Troy Police offering CAT course

Published 3:00 am Wednesday, August 19, 2015

Hoping to deter motor vehicle accidents before they happen, Troy Police Department will be hosting Collision Avoidance Training class for teenage and beginner drivers Friday and Saturday.

Sgt. Mike O’Hara, an instructor with TPD, said after purchasing the rights to a national defensive driving program, the TPD as sought to customize it.

“The designers, Paul and his wife, started this in Florida because his son, on his 17th birthday, was involved in a car wreck that took his life,” O’Hara said. “His birthday was on Mother’s Day, so it really had a strong impact on the family. Because of all of this, Paul and his wife sought other people involved wrecks like this to put together to put together a program for collision avoidance training.”

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O’Hara said the course helps to drive home skills that take some drivers 10 to 15 years to develop.

“It’s simple things like not jerking the wheel from one side to the other quickly,” O’Hara said. “The way we teach the course is to try to go ahead and program their brain by playing a game called the ‘what if’ game. We teach them the skills they need and the physics of the car, how it reacts going around curves and stuff like that, because your brain doesn’t know the difference between what is really happening and what they’re making up in their heads.”

O’Hara said that the first day of the course, which will take place from 6 to 9 p.m. Friday, will be a lecture and geared toward teaching young drivers how the vehicle handles.

“We try to get them to understand that when you see things sliding across the dashboard while going around a curve, the stuff is still going in the same direction it was going to begin with but you’re essentially moving the car out from underneath it. We also talk about friction and stopping distances and how that can be affected by the environment.”

The next day will take students out of the classroom and onto a driving course for them to put the skills they learned about into action.

“The students will have to be able to use their mirrors and learn how to use their resources,” O’Hara said. “We try to teach them a quick maneuver move so that if a child were to come out in front of them, they can change lanes quickly, come back over and then come to a complete stop. We keep it in a controlled environment, but we try to let them experience what a situation would be like if they have to use what they learned in the course.”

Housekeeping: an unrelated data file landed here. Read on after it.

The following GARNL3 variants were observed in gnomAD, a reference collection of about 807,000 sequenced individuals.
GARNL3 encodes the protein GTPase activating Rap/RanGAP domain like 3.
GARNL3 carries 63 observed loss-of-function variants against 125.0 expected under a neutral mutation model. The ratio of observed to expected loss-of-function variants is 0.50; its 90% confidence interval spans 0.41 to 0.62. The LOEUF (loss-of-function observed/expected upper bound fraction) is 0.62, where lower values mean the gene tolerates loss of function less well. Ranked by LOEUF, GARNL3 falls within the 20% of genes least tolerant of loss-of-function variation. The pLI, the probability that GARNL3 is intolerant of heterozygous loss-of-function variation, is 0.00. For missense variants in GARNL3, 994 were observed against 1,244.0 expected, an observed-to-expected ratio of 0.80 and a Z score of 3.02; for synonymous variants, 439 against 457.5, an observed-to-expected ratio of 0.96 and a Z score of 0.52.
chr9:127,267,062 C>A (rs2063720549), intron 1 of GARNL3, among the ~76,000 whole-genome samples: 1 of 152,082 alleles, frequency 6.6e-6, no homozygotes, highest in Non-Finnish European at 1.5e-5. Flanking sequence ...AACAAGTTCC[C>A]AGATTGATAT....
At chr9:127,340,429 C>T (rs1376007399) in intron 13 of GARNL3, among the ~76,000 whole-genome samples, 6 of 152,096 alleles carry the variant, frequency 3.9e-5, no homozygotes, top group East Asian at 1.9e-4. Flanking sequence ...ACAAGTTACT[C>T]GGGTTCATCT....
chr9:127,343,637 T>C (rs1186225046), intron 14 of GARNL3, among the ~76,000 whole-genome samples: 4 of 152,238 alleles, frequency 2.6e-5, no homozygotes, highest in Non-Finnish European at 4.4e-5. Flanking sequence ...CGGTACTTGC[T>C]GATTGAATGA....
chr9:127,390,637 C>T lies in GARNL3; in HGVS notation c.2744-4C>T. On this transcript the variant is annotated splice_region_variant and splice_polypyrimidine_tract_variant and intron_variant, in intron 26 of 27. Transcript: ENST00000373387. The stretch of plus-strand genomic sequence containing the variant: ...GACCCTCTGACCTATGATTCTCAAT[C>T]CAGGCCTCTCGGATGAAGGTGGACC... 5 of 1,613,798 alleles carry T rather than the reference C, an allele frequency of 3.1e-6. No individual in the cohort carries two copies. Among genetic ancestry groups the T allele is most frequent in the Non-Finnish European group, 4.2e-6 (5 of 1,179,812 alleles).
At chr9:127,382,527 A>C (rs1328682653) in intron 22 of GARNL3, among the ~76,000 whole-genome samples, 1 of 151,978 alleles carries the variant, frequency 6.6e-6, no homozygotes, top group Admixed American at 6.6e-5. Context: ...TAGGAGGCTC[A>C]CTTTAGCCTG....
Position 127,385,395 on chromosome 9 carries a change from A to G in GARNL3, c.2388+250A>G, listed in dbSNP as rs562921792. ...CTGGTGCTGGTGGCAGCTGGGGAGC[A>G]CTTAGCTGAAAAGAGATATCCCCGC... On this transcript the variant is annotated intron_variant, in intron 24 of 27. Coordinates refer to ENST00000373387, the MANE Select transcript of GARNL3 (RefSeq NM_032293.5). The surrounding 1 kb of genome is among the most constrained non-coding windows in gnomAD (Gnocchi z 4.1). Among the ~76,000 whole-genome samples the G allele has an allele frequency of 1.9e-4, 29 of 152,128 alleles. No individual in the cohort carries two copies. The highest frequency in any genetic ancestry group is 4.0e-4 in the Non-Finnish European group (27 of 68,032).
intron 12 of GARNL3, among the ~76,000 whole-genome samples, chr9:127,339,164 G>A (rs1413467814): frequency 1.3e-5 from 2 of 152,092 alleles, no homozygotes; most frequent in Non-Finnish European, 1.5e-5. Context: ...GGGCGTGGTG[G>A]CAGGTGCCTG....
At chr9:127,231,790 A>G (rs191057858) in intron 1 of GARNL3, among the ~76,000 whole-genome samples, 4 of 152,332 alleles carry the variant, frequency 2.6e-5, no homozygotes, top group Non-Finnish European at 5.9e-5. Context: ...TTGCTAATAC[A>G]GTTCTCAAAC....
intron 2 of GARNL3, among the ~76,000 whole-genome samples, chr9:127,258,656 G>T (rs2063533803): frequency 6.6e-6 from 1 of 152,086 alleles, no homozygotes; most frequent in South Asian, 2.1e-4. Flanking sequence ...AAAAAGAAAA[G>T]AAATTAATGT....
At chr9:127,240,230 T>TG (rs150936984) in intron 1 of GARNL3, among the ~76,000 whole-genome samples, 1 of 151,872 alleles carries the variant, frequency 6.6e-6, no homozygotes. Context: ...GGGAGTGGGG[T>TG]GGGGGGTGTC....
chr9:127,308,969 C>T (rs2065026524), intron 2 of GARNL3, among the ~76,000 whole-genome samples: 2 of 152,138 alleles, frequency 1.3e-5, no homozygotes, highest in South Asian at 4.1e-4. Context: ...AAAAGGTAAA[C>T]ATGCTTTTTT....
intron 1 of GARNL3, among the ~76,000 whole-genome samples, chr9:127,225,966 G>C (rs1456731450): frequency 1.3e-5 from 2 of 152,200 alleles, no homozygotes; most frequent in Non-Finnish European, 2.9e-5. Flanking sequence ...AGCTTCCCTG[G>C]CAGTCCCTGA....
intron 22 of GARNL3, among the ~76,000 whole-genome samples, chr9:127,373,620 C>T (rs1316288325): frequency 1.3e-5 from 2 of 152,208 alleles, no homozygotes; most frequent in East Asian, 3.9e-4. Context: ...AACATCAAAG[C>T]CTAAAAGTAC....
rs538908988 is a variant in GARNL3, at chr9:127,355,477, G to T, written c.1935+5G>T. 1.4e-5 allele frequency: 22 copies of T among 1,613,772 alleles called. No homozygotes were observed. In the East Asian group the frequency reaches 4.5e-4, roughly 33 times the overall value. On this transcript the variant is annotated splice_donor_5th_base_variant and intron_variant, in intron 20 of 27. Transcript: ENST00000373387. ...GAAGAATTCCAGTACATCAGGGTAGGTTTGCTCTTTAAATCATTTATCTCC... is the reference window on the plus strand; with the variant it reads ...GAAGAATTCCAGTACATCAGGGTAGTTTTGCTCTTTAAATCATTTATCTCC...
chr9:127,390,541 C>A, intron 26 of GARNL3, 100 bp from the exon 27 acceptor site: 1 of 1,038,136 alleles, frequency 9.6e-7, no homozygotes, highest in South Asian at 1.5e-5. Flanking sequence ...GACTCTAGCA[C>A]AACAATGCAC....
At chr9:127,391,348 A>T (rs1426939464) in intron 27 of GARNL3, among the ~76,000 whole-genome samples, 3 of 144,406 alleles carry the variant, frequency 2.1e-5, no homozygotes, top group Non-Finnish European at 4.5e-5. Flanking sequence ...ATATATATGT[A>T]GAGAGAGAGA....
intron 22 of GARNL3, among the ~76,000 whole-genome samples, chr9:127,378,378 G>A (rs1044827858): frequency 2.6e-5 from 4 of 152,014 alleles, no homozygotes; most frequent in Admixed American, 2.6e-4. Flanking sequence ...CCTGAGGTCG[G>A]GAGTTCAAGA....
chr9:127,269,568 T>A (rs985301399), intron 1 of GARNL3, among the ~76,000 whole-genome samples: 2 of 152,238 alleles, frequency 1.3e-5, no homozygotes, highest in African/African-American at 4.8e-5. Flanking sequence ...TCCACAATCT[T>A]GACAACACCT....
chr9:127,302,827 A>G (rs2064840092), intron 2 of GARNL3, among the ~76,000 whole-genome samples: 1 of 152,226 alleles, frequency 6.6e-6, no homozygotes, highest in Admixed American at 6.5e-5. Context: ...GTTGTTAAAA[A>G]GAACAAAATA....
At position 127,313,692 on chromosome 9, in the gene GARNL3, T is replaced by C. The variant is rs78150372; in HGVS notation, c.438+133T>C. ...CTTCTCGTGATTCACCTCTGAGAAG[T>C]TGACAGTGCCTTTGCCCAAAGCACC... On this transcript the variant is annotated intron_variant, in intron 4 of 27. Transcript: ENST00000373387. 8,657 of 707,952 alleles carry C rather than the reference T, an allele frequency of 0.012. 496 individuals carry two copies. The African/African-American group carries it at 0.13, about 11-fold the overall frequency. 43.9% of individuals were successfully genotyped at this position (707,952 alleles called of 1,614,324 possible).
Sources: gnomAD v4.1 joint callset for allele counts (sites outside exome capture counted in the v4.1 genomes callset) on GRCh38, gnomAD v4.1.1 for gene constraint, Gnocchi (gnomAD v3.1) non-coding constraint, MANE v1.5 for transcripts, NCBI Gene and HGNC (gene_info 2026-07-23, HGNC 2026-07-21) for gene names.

One of the teaching techniques involves the driver being blindfolded, the instructor taking the wheel out of the driver’s hands and guiding the vehicle into the median. O’Hara said while that may seem like a dangerous situation, drivers would never go above 30 miles per hour.

“If you ask the kids that take the course, they’ll tell you they’re going 40 or 50 mph,” O’Hara said.

At the end of the course, drivers will receive a certificate of completion. O’Hara said the certificate does not guarantee a discount with many insurance providers, but he encouraged parents to inquire.

The course will be from 6 until 9 p.m. Friday and from 9 a.m. until noon Saturday in the Troy Municipal Courtroom, which is on the floor below the Troy Police Department.

“I hope that these drivers take away a heightened sense of awareness of safety when they operate their vehicles,” O’Hara said. “This course is a great opportunity for young drivers to learn the skills that parents have learned through years of experience driving. These young drivers can learn these skills now and utilize these skills at an earlier age.”

The requirements for taking the course include a valid driver’s license, valid vehicle insurance and a $25 fee. While space is not limited, anyone wishing to take the class must call in advance and register.

Drivers may sign up by calling Troy Police Department at 566-0500 and asking for Sgt. Mike O’Hara or by sending a direct email to O’Hara at

But, those unable to take the course Friday and Saturday are not out of hope.

“If you can’t take the course, but are still interested, please still get in touch with me and we might be able to make more arrangements,” O’Hara said. “With the fall, we have to make sure we don’t conflict with football games on both Fridays and Saturdays. If anyone is still interested, we can always see about getting another course scheduled at a later date.”